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:: Sucker Punch

After a violent dust-up with her greedy stepfather, kindly ingénue Babydoll (Emily Browning) is wrongly sent to a mental institution, where she falls under the watch of a sadistic warden. There, she concocts fantastical scenarios in her head that transport her from a medieval castle to a galactic metropolis to an ancient Japanese temple, all in a quest to escape her captors.

The captured young woman is in this so-called institution - a strip club-brothel and front for illegal activities. Girls dance for the patrons and then give extra service in the back rooms. Blue (Oscar Isaac) is their manager/owner/capturer and he runs the place with an iron fist. When Baby Doll first has to dance, we are again transported into another world. In this version of reality she is a fierce warrior. Guided by a mystic (Scott Glenn), Baby Doll is told that to vanquish her foes she must find five different elements. Those relics are a map, fire, knife, key and a mystery piece. In order to achieve freedom she must form a team. She's joined by four fellow inmates (played by Abbie Cornish, Jena Malone, Vanessa Hudgens and Jamie Chung), who help her track down these relics.

The film is style over substance, all crazy and big without any meat. Most of the time, the female cast is dressed as if they were rejects from FHM magazine – in short skirts, high hose and lingerie. All the puffy hair and silly costumes are in tangent to the world of drag queens. The actual production is impressive with a world that is never set in any solid decade. Parts are from the 1950’s while we get battles from both world wars. The mishmash of styles gives Sucker Punch a unique look that never quite finds a base.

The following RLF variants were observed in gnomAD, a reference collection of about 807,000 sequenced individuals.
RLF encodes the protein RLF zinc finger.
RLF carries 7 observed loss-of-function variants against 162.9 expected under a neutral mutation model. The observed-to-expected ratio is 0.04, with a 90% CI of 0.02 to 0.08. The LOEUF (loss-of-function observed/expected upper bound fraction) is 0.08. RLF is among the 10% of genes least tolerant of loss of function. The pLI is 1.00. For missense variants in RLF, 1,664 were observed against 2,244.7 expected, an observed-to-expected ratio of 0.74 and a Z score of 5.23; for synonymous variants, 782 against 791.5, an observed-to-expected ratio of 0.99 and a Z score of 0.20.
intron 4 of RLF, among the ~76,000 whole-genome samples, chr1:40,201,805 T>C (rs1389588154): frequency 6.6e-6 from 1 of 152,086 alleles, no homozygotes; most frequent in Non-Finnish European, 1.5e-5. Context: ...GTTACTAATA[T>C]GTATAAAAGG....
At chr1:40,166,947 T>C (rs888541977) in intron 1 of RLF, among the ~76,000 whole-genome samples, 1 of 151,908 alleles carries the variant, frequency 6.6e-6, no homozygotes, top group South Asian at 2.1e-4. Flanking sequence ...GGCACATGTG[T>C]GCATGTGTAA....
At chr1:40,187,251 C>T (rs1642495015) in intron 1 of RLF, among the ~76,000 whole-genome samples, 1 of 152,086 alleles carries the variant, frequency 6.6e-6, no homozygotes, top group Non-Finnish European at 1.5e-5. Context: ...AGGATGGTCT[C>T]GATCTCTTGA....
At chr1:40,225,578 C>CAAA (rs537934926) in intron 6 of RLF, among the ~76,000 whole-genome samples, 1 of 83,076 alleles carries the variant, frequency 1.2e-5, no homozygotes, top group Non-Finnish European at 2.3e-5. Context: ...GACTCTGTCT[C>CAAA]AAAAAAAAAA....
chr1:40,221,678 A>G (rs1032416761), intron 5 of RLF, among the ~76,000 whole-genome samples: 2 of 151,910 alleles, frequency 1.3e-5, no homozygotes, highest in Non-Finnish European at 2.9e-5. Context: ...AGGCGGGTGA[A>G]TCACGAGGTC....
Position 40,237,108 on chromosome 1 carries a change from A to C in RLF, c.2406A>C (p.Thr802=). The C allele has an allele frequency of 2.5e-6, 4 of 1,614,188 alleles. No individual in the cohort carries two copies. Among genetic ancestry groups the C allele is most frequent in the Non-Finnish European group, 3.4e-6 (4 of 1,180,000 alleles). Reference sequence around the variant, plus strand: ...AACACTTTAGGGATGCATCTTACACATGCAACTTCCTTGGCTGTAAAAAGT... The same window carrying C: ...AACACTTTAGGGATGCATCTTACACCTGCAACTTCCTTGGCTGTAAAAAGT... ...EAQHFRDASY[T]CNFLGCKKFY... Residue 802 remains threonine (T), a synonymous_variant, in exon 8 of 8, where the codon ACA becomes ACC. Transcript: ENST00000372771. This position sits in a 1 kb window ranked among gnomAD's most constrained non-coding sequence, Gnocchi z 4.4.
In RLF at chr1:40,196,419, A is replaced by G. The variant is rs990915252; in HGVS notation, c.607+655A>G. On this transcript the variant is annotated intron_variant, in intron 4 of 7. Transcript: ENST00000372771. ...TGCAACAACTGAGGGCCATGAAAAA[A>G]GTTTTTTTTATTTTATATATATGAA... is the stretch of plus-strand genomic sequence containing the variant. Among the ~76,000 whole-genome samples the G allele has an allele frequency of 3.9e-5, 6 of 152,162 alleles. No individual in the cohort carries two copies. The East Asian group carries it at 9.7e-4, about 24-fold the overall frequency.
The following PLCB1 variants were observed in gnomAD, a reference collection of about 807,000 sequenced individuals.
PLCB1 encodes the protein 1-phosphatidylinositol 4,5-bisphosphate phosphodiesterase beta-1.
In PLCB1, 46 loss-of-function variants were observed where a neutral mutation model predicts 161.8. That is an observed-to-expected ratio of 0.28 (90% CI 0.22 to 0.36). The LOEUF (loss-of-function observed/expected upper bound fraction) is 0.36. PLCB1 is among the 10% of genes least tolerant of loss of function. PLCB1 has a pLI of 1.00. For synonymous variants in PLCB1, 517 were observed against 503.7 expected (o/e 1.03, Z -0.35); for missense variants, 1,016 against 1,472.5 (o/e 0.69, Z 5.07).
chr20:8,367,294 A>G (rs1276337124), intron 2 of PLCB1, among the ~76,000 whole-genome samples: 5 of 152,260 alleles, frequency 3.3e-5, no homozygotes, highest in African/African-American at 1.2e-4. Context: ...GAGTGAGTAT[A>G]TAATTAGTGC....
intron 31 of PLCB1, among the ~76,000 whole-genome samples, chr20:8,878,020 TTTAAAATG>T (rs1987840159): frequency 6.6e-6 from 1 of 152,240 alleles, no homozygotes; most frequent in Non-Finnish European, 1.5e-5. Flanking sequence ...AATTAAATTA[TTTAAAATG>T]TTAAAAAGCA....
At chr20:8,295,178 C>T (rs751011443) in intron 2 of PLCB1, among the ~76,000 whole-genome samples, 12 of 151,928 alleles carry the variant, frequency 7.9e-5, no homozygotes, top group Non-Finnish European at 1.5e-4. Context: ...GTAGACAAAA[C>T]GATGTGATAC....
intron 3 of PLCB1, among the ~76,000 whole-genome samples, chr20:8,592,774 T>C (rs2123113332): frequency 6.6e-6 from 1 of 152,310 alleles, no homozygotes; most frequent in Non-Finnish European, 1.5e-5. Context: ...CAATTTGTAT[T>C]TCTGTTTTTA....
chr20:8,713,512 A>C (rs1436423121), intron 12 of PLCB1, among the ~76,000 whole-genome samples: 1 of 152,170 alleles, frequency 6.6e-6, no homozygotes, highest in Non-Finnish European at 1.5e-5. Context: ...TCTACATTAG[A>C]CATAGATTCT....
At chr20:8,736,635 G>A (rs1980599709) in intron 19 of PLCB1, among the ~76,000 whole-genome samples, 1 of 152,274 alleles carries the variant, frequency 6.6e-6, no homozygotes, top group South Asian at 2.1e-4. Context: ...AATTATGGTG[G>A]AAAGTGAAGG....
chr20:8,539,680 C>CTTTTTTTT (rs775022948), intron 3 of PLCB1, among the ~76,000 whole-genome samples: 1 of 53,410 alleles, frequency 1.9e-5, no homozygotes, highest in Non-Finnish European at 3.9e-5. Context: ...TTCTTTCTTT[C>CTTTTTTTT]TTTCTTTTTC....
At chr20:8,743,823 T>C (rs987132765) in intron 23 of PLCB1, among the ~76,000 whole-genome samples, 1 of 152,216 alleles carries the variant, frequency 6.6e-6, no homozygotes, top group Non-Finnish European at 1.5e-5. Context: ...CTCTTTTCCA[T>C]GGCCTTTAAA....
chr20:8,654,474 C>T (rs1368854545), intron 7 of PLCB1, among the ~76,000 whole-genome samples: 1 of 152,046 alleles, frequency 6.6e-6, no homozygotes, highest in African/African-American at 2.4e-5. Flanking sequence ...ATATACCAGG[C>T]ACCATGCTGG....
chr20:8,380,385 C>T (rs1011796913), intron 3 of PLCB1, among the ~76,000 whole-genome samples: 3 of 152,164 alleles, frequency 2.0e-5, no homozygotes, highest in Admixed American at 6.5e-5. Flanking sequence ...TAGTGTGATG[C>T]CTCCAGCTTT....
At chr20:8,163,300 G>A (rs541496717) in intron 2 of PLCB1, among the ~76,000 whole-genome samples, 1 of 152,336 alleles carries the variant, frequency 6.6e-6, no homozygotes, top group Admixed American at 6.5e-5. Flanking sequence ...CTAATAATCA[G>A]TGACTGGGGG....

The actresses in Sucker Punch are more pawns, meaning just about any actress in Hollywood could have been placed in this CGI world. They all are just background for all the fancy kung-fu and electronic effects. This film is more of a ride and solid acting is not required. More like a video game, the best parts are the mayhem and destruction. It is like cotton candy – a big fluffy confection that eventually dissolves into a small slimy mess.

It almost goes without saying that the visuals are impacting. I don’t know if there’s a film director working now who can combine live action chaos and computer generated mayhem as well and as seamlessly as Zack Snyder can. The movie looks great, but this is something one could have predicted. One can sum up “Sucker Punch” by saying that the film is a collection of spectacular action set pieces and violence featuring scantily clad young women wrapped around it. Therefore, Snyder has connected fully with the teenage boy bracket who will “get” the story more than adults might.